The image above is one of the highest resolution images ever returned of Mercury. MESSENGER acquired it on June 11, 2014. Last Friday – July 25, 2014 – MESSENGER’s periherm (closest point to Mercury) dropped below 100 kilometers / 62 miles. MESSSENGER is the first manmade object ever to come this close to Mercury.
On June 17 – around the time the image above was taken – the periherm had dropped to 113.80 kilometers / 70.80 miles. The image has absolutely incredible 2.90-meter resolution, showing a cluster of tiny secondary craters within the northern intercrater lava plains in a 3.00 kilometer / 1.86 mile wide area within Mercury’s North Polar Borealis Quadrangle.
The craters seen here are a few hundred meters at most in width, many much smaller. These are secondary craters from an impact out of this frame, where impact ejecta fell back on ballistic trajectories forming smaller craters. Many can be hundreds of kilometers away from the primary impact if the impact was large enough.
There are a handful of much smaller craters in the area too.
All of these craters in this image are of the simple bowl shaped type.
The image is a little ‘noisy’ due to the very short exposure required to prevent blurring of the image as MESSENGER was lower and faster than usual above the surface of Mercury.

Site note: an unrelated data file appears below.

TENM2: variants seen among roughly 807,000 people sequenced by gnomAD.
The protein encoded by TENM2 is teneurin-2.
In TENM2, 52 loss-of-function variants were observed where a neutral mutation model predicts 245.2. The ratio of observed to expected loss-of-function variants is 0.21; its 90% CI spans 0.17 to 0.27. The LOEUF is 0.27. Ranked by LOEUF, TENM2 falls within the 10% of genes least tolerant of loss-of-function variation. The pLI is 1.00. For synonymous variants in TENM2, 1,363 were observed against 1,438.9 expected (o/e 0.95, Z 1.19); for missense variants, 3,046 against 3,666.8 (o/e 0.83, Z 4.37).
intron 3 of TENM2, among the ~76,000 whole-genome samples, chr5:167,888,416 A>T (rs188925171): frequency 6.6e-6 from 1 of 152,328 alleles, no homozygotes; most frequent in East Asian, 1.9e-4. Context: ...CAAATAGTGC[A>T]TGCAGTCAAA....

On August 19, 2014, periherm will drop below 50 kilometers / 31 miles. On September 12, 2014, periherm will have lowered to 25 kilometers / 15.52 miles.
The number of such high resolution and even higher resolution images will increase as periherm continues to lower.
The fuel on board MESSENGER is expected to be depleted on January 21, 2015. MESSENGER is expected to impact Mercury during the last weekend of March, 2015.
Andrew R. Brown lives in Ashford, Kent, United Kingdom and works for local government, Kent County Council. He is directly involved with sharing ideas and thoughts with several NASA missions, particularly the Mercury MESSENGER mission, and has struck up good relationships with the MESSENGER team and the Mars Science Laboratory Curiosity rover team. He has suggested quite a few observations that were then carried out by the Mars Reconnaissance Orbiter HiRISE instrument. Earlier, some of his suggested observations of Jupiter's moon Io were carried out by the New Horizons spacecraft, now on its way to a Pluto encounter in 2015.